We consider small departures from an unperturbed right-cylindrical shape of an incompressible fluid. Therefore a normal mode can be expressed uniquely in terms of the deformed surface. Hence we may assume that the deformed interface is described by

$r={R}_{0}+\epsilon (t){R}_{1}+\cdots $

(28)

with

${R}_{1}=exp(i(kz+m\phi )).$

(29)

Here

${R}_{1}$ is the elevation of the surface wave measured from the unperturbed position,

*k* (real number) is the longitudinal wave number,

*m* (integer) is the transverse wave number. The amplitude

$\epsilon (t)$ of the perturbation is given by

$\epsilon (t)={\epsilon}_{0}exp(\sigma t),$

(30)

where ${\epsilon}_{0}$ (=*ε* at $t=0$) is the initial amplitude and *σ* is the temporal amplification. If *σ* ($=i\omega $, $i=\sqrt{-1}$) is imaginary, then $\omega /2\pi $ is the oscillation frequency of the propagating wave in the fluid.

As the initial streaming state is perturbed, every physical quantity

$Q(r,\phi ,z;t)$ may be expanded as

$Q(r,\phi ,z,t)={Q}_{0}(r)+{Q}_{1}(r,\phi ,z,t).$

(31)

Here *Q* stands for *P*, *u*, *V*, ${V}^{ex}$, *H*, ${H}^{ex}$, and ${N}_{s}$ while ${Q}_{0}$ indicates the unperturbed quantity and ${Q}_{1}$ is a small increment of *Q* due to disturbances.

In view of the expansion (31), the basic equations of motion (3)-(13) in the perturbation state give

where equations (

33) and (

34) have been used to obtain equation (

35). Based on the linear perturbation technique, the linearized quantity

${Q}_{1}(r,\phi ,z;t)$ may be expressed as

${Q}_{1}(r,\phi ,z;t)={\epsilon}_{0}{q}_{1}(r)exp(\sigma t+i(kz+m\phi )).$

(41)

By means of the expansion (41), equations (

36) and (

40) give the second-order ordinary differential equation

$\left(\frac{1}{r}\right)\left(\frac{d}{dr}\right)\left(r\left(\frac{d{\varphi}_{1}(r)}{dr}\right)\right)-(\left(\frac{{m}^{2}}{{r}^{2}}\right)+{k}^{2}){\varphi}_{1}(r)=0,$

(42)

where

${\varphi}_{1}(r)$ stands for

${V}_{1}(r)$ and

${V}_{1}^{ex}(r)$. The solution of equation (

42) is given in terms of the ordinary Bessel functions of imaginary argument. For the problem under consideration, apart from the singular solution, the solutions of equations (

36) and (

40) are finally given by

Here ${I}_{m}(kr)$ and ${K}_{m}(kr)$ are the modified Bessel functions of the first and second kind of order *m*, while *A* and *B* are constants of integration to be determined.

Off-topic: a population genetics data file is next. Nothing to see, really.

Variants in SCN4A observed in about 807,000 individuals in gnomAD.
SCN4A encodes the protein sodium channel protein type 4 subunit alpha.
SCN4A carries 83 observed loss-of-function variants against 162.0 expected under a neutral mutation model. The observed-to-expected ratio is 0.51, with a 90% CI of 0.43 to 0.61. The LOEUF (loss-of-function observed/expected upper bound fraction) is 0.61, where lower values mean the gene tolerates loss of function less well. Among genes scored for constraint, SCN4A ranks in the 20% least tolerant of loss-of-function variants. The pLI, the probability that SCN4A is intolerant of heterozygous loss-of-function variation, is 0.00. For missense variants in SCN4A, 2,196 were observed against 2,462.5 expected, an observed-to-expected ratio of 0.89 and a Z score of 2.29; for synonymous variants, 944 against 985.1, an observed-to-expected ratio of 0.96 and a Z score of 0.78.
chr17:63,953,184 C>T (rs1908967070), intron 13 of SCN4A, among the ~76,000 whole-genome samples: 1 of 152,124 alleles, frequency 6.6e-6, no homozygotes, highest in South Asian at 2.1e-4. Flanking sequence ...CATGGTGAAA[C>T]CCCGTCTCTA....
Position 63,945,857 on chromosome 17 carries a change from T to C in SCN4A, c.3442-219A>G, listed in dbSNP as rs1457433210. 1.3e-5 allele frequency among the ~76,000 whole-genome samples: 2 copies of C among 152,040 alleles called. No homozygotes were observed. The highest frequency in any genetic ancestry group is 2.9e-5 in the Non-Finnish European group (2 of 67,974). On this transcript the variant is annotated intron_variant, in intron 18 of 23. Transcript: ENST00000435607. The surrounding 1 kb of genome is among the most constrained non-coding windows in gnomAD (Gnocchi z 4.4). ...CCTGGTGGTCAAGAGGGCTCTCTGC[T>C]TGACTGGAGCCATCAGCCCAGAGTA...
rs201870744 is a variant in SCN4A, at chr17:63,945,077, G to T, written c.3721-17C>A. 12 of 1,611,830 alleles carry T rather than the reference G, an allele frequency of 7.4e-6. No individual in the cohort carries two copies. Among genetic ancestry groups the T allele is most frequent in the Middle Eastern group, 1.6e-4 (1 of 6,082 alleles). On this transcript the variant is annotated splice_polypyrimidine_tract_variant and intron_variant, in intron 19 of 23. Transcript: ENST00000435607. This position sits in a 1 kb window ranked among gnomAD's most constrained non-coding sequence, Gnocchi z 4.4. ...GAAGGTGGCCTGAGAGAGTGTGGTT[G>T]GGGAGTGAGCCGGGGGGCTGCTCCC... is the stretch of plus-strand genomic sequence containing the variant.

Using the space-time dependence (41) for equation (

32), we get

$(\sigma +imW+ikU)\underline{{u}_{1}}-(i\mu k/4\pi \rho ){H}_{0}\underline{{H}_{1}}=-\mathrm{\nabla}{\mathrm{\Pi}}_{1}$

(45)

with

${\mathrm{\Pi}}_{1}=\left(\frac{{P}_{1}}{\rho}\right)-{V}_{1}+(\mu /4\pi \rho )({\underline{H}}_{0}\cdot {\underline{H}}_{1}).$

(46)

Also, equation (

35) yields

${\underline{H}}_{1}=\left(\frac{ik{H}_{0}}{\sigma +imW+ikU}\right)\underline{{u}_{1}}.$

(47)

By combining equations (

45) and (

47), we get

$\underline{{u}_{1}}=\left(\frac{-(\sigma +imW+ikU)}{({(\sigma +imW+ikU)}^{2}+{\mathrm{\Omega}}_{A}^{2})}\right)\mathrm{\nabla}{\mathrm{\Pi}}_{1},$

(48)

where

${\mathrm{\Omega}}_{A}={\left(\frac{\mu {k}^{2}{H}_{0}^{2}}{4\pi \rho}\right)}^{1/2}$

(49)

is the Alfven wave frequency defined in terms of ${H}_{0}$.

By taking the divergence of both sides of equation (

48) and using equation (

33), we obtain

${\mathrm{\nabla}}^{2}{\mathrm{\Pi}}_{1}=0.$

(50)

Using the space dependence (41) for equation (

50) and following similar steps for the resulting differential equation as has already been done for equations (

36) and (

40), the solution of equation (

50) could be obtained. Therefore, the non-singular solution for

${\mathrm{\Pi}}_{1}(r,\phi ,z;t)$ is given by

${\mathrm{\Pi}}_{1}={C}_{4}{\epsilon}_{0}{I}_{m}(kr)exp(\sigma t+i(kz+m\phi )),$

(51)

where ${C}_{4}$ is a constant of integration to be determined.

The pressure surface

${P}_{1s}$ in the perturbed state due to the capillary force is determined from equation (

37) along with (29) in the form

${P}_{1s}=\left(\frac{-T}{{R}_{0}^{2}}\right)(1-{m}^{2}-{x}^{2})exp(\sigma t+i(kz+m\phi )),$

(52)

where *x* ($=k{R}_{0}$) is the dimensionless longitudinal wavenumber.

Now, equation (

34) means that the magnetic field intensity

${H}_{1}^{ex}$ in the perturbed state may be derived from a scalar function,

${\psi}_{1}^{ex}$ say, such that

${H}_{1}^{ex}=\mathrm{\nabla}{\psi}_{1}^{ex}.$

(53)

By combining equations (

38) and (

53), we get

${\mathrm{\nabla}}^{2}{\psi}_{1}^{ex}=0.$

(54)

Similarly, as it has been done for equation (

50), equation (

54) is solved and its finite solution is given by

${\psi}_{1}^{ex}={C}_{5}{\epsilon}_{0}{K}_{m}(kr)exp(\sigma t+i(kz+m\phi )),$

(55)

where ${C}_{5}$ is a constant of integration to be determined upon applying boundary conditions.